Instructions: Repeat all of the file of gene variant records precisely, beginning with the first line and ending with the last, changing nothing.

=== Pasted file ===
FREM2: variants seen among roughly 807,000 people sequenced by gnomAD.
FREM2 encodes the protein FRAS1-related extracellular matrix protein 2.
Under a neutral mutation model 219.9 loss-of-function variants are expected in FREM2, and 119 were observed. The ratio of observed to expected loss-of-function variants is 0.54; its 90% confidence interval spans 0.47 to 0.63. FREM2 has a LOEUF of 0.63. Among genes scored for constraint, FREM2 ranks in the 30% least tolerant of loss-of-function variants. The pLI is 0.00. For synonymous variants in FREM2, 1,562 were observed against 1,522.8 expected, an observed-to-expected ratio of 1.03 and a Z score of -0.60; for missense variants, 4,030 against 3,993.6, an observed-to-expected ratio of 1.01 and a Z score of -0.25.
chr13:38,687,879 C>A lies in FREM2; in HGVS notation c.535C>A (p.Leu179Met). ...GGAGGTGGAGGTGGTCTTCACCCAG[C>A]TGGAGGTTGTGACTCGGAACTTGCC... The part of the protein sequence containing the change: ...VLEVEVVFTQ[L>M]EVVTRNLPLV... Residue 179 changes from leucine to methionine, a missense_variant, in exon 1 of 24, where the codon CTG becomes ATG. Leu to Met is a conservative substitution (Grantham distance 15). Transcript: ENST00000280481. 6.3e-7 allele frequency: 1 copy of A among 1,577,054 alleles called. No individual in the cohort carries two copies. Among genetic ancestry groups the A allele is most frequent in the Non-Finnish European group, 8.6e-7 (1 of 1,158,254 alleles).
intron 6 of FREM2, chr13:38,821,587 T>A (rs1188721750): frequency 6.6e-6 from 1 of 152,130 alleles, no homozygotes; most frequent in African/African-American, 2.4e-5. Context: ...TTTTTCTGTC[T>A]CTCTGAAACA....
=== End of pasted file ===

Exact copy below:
FREM2: variants seen among roughly 807,000 people sequenced by gnomAD.
FREM2 encodes the protein FRAS1-related extracellular matrix protein 2.
Under a neutral mutation model 219.9 loss-of-function variants are expected in FREM2, and 119 were observed. The ratio of observed to expected loss-of-function variants is 0.54; its 90% confidence interval spans 0.47 to 0.63. FREM2 has a LOEUF of 0.63. Among genes scored for constraint, FREM2 ranks in the 30% least tolerant of loss-of-function variants. The pLI is 0.00. For synonymous variants in FREM2, 1,562 were observed against 1,522.8 expected, an observed-to-expected ratio of 1.03 and a Z score of -0.60; for missense variants, 4,030 against 3,993.6, an observed-to-expected ratio of 1.01 and a Z score of -0.25.
chr13:38,687,879 C>A lies in FREM2; in HGVS notation c.535C>A (p.Leu179Met). ...GGAGGTGGAGGTGGTCTTCACCCAG[C>A]TGGAGGTTGTGACTCGGAACTTGCC... The part of the protein sequence containing the change: ...VLEVEVVFTQ[L>M]EVVTRNLPLV... Residue 179 changes from leucine to methionine, a missense_variant, in exon 1 of 24, where the codon CTG becomes ATG. Leu to Met is a conservative substitution (Grantham distance 15). Transcript: ENST00000280481. 6.3e-7 allele frequency: 1 copy of A among 1,577,054 alleles called. No individual in the cohort carries two copies. Among genetic ancestry groups the A allele is most frequent in the Non-Finnish European group, 8.6e-7 (1 of 1,158,254 alleles).
intron 6 of FREM2, chr13:38,821,587 T>A (rs1188721750): frequency 6.6e-6 from 1 of 152,130 alleles, no homozygotes; most frequent in African/African-American, 2.4e-5. Context: ...TTTTTCTGTC[T>A]CTCTGAAACA....